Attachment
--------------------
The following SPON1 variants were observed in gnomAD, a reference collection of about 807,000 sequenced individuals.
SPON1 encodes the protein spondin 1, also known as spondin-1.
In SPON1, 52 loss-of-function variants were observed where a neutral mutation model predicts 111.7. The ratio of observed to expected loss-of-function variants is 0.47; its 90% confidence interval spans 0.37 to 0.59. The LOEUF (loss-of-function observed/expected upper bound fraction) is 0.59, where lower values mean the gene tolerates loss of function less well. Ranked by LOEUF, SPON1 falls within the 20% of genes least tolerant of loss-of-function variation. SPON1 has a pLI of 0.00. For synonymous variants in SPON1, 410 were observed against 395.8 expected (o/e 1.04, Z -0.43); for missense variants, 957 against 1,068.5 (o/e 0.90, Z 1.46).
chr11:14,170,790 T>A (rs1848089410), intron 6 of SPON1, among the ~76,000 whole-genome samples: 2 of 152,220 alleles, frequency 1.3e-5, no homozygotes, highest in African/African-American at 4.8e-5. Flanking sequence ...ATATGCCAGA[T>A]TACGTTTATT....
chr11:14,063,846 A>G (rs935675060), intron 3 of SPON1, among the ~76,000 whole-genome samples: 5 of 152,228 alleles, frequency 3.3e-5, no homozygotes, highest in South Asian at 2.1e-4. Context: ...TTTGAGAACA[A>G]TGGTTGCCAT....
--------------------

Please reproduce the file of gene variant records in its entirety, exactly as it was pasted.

The following SPON1 variants were observed in gnomAD, a reference collection of about 807,000 sequenced individuals.
SPON1 encodes the protein spondin 1, also known as spondin-1.
In SPON1, 52 loss-of-function variants were observed where a neutral mutation model predicts 111.7. The ratio of observed to expected loss-of-function variants is 0.47; its 90% confidence interval spans 0.37 to 0.59. The LOEUF (loss-of-function observed/expected upper bound fraction) is 0.59, where lower values mean the gene tolerates loss of function less well. Ranked by LOEUF, SPON1 falls within the 20% of genes least tolerant of loss-of-function variation. SPON1 has a pLI of 0.00. For synonymous variants in SPON1, 410 were observed against 395.8 expected (o/e 1.04, Z -0.43); for missense variants, 957 against 1,068.5 (o/e 0.90, Z 1.46).
chr11:14,170,790 T>A (rs1848089410), intron 6 of SPON1, among the ~76,000 whole-genome samples: 2 of 152,220 alleles, frequency 1.3e-5, no homozygotes, highest in African/African-American at 4.8e-5. Flanking sequence ...ATATGCCAGA[T>A]TACGTTTATT....
chr11:14,063,846 A>G (rs935675060), intron 3 of SPON1, among the ~76,000 whole-genome samples: 5 of 152,228 alleles, frequency 3.3e-5, no homozygotes, highest in South Asian at 2.1e-4. Context: ...TTTGAGAACA[A>G]TGGTTGCCAT....